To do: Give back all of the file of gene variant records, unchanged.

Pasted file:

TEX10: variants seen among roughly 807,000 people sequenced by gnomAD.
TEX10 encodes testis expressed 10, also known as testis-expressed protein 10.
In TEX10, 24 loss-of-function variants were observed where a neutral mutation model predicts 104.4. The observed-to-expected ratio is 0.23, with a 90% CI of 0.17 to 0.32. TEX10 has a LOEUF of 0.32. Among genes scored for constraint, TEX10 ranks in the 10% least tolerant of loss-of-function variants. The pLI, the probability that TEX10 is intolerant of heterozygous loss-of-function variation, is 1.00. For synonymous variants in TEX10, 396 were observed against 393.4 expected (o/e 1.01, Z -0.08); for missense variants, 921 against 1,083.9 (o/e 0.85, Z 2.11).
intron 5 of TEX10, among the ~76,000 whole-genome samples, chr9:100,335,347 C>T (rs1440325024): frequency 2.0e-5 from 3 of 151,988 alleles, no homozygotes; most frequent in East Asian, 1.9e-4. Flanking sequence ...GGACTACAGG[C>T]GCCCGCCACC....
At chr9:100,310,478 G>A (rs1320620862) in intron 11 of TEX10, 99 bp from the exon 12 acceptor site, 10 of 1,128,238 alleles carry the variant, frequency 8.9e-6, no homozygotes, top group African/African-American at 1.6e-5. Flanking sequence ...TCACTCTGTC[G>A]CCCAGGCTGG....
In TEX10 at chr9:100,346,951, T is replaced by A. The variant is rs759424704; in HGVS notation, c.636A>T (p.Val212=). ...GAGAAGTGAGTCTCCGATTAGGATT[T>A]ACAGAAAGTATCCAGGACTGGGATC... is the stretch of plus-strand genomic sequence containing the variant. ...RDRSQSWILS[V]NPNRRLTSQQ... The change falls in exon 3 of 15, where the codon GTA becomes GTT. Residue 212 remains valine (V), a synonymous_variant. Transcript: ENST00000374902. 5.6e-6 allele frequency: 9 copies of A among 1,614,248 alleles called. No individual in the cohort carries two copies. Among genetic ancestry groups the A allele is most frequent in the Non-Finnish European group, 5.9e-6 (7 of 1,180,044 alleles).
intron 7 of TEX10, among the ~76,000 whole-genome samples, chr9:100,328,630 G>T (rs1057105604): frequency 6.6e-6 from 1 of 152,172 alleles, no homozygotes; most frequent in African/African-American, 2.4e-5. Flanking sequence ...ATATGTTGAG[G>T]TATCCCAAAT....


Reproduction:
TEX10: variants seen among roughly 807,000 people sequenced by gnomAD.
TEX10 encodes testis expressed 10, also known as testis-expressed protein 10.
In TEX10, 24 loss-of-function variants were observed where a neutral mutation model predicts 104.4. The observed-to-expected ratio is 0.23, with a 90% CI of 0.17 to 0.32. TEX10 has a LOEUF of 0.32. Among genes scored for constraint, TEX10 ranks in the 10% least tolerant of loss-of-function variants. The pLI, the probability that TEX10 is intolerant of heterozygous loss-of-function variation, is 1.00. For synonymous variants in TEX10, 396 were observed against 393.4 expected (o/e 1.01, Z -0.08); for missense variants, 921 against 1,083.9 (o/e 0.85, Z 2.11).
intron 5 of TEX10, among the ~76,000 whole-genome samples, chr9:100,335,347 C>T (rs1440325024): frequency 2.0e-5 from 3 of 151,988 alleles, no homozygotes; most frequent in East Asian, 1.9e-4. Flanking sequence ...GGACTACAGG[C>T]GCCCGCCACC....
At chr9:100,310,478 G>A (rs1320620862) in intron 11 of TEX10, 99 bp from the exon 12 acceptor site, 10 of 1,128,238 alleles carry the variant, frequency 8.9e-6, no homozygotes, top group African/African-American at 1.6e-5. Flanking sequence ...TCACTCTGTC[G>A]CCCAGGCTGG....
In TEX10 at chr9:100,346,951, T is replaced by A. The variant is rs759424704; in HGVS notation, c.636A>T (p.Val212=). ...GAGAAGTGAGTCTCCGATTAGGATT[T>A]ACAGAAAGTATCCAGGACTGGGATC... is the stretch of plus-strand genomic sequence containing the variant. ...RDRSQSWILS[V]NPNRRLTSQQ... The change falls in exon 3 of 15, where the codon GTA becomes GTT. Residue 212 remains valine (V), a synonymous_variant. Transcript: ENST00000374902. 5.6e-6 allele frequency: 9 copies of A among 1,614,248 alleles called. No individual in the cohort carries two copies. Among genetic ancestry groups the A allele is most frequent in the Non-Finnish European group, 5.9e-6 (7 of 1,180,044 alleles).
intron 7 of TEX10, among the ~76,000 whole-genome samples, chr9:100,328,630 G>T (rs1057105604): frequency 6.6e-6 from 1 of 152,172 alleles, no homozygotes; most frequent in African/African-American, 2.4e-5. Flanking sequence ...ATATGTTGAG[G>T]TATCCCAAAT....